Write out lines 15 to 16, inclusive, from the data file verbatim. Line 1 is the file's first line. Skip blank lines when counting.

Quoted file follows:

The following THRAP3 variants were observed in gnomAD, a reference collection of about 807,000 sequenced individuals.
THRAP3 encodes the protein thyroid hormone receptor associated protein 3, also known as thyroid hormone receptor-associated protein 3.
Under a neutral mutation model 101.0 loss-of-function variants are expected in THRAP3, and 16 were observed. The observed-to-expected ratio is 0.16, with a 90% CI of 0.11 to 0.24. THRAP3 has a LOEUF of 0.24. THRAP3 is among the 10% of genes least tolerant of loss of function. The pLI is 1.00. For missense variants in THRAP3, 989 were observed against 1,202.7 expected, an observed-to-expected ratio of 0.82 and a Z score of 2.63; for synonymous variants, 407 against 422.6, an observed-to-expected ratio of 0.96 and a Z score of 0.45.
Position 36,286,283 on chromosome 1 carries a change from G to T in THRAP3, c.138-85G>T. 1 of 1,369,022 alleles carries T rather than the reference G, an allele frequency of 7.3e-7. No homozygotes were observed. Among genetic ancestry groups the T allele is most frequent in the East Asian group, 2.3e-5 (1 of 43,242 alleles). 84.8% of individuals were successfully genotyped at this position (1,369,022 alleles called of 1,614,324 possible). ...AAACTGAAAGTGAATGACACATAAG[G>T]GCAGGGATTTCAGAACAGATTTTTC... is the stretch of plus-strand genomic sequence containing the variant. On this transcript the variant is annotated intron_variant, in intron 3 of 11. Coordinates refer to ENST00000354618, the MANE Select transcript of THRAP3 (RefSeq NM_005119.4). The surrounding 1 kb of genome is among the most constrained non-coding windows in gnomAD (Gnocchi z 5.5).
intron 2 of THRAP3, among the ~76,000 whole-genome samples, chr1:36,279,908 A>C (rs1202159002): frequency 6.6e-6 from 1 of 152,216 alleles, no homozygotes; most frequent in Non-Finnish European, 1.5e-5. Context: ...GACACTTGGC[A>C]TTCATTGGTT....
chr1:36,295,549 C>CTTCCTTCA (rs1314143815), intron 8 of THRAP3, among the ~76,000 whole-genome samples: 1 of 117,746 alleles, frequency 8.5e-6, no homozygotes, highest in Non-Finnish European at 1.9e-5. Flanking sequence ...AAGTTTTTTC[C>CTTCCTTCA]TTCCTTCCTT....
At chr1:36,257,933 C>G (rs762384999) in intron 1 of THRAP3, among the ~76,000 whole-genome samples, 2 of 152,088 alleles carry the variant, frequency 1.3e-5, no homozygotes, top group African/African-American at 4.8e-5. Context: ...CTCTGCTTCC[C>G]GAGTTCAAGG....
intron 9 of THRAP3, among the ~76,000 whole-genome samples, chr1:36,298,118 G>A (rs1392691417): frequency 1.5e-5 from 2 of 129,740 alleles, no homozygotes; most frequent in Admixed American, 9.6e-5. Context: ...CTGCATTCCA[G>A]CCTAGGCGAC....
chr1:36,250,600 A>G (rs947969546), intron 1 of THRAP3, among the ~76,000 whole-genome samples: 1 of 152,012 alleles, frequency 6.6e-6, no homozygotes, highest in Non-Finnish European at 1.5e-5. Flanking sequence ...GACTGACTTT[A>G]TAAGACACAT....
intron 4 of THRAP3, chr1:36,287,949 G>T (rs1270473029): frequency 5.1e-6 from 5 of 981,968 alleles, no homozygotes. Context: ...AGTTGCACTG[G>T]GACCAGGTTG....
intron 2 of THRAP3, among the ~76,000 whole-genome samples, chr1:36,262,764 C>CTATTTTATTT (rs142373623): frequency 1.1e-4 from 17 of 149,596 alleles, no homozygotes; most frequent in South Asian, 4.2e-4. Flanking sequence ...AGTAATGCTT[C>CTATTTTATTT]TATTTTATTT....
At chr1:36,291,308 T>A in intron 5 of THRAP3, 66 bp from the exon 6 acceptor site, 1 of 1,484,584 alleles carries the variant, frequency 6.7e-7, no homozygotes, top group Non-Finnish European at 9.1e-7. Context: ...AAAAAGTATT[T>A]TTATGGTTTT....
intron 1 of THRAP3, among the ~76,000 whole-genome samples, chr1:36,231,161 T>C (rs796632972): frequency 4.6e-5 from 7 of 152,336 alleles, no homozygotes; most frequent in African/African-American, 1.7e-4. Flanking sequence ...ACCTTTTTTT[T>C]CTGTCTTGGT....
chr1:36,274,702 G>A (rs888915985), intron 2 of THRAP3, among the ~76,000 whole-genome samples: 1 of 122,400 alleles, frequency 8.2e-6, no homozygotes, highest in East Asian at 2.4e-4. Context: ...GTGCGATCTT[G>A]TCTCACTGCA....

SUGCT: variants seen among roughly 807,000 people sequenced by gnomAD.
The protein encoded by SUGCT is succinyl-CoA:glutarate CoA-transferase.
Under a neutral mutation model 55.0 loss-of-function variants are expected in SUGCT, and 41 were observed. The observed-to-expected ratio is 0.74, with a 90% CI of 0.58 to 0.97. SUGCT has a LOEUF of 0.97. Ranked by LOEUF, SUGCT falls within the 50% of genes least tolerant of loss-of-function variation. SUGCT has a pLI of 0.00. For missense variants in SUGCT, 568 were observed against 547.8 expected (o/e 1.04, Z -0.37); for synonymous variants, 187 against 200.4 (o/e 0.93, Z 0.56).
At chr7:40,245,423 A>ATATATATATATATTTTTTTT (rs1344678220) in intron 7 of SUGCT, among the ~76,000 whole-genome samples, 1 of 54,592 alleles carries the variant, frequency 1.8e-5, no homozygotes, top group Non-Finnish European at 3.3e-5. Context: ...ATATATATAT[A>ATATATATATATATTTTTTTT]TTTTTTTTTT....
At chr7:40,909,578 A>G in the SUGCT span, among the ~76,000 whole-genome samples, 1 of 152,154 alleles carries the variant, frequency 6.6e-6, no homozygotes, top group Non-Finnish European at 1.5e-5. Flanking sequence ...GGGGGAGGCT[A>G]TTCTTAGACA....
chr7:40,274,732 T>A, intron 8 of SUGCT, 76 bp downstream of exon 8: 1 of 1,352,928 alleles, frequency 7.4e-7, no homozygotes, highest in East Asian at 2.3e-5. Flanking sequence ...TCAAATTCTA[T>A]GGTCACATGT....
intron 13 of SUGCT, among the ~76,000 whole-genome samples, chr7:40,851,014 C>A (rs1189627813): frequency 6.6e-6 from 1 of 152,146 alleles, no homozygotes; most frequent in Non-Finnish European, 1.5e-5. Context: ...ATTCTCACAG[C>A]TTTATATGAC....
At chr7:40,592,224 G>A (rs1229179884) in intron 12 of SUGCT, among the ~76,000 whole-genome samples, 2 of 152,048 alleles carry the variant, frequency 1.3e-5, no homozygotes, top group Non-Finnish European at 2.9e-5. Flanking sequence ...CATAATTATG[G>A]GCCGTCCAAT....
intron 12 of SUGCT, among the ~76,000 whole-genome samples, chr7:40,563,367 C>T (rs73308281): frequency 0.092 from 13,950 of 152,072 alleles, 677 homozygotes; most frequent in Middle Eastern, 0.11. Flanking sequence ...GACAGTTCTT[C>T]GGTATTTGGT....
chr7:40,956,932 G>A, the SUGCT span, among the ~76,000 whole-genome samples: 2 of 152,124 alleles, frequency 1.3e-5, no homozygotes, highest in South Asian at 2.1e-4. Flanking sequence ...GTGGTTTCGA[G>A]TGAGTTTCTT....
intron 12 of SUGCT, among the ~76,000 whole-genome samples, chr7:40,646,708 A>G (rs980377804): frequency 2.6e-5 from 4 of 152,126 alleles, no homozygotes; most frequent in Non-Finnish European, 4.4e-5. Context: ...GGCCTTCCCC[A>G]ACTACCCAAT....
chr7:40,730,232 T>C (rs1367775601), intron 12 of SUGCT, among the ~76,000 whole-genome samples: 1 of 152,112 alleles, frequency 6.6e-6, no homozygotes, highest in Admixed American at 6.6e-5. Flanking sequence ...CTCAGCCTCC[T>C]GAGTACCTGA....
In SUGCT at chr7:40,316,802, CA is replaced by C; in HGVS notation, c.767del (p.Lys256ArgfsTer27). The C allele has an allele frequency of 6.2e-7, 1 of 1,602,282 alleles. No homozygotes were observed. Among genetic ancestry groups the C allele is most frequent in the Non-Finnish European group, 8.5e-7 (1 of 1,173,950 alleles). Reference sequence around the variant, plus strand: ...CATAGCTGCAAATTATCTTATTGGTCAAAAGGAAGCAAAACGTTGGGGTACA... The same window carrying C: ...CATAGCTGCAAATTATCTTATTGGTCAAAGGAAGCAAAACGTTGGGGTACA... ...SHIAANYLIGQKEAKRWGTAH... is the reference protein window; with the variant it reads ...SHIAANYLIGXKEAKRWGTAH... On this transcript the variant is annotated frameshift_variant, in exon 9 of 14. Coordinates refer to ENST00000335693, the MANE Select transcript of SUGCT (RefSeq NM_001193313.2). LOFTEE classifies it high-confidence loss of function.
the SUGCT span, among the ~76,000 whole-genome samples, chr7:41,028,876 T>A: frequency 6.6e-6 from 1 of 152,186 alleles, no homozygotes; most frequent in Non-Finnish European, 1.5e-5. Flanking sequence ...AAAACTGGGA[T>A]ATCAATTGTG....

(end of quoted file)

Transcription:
SUGCT: variants seen among roughly 807,000 people sequenced by gnomAD.
The protein encoded by SUGCT is succinyl-CoA:glutarate CoA-transferase.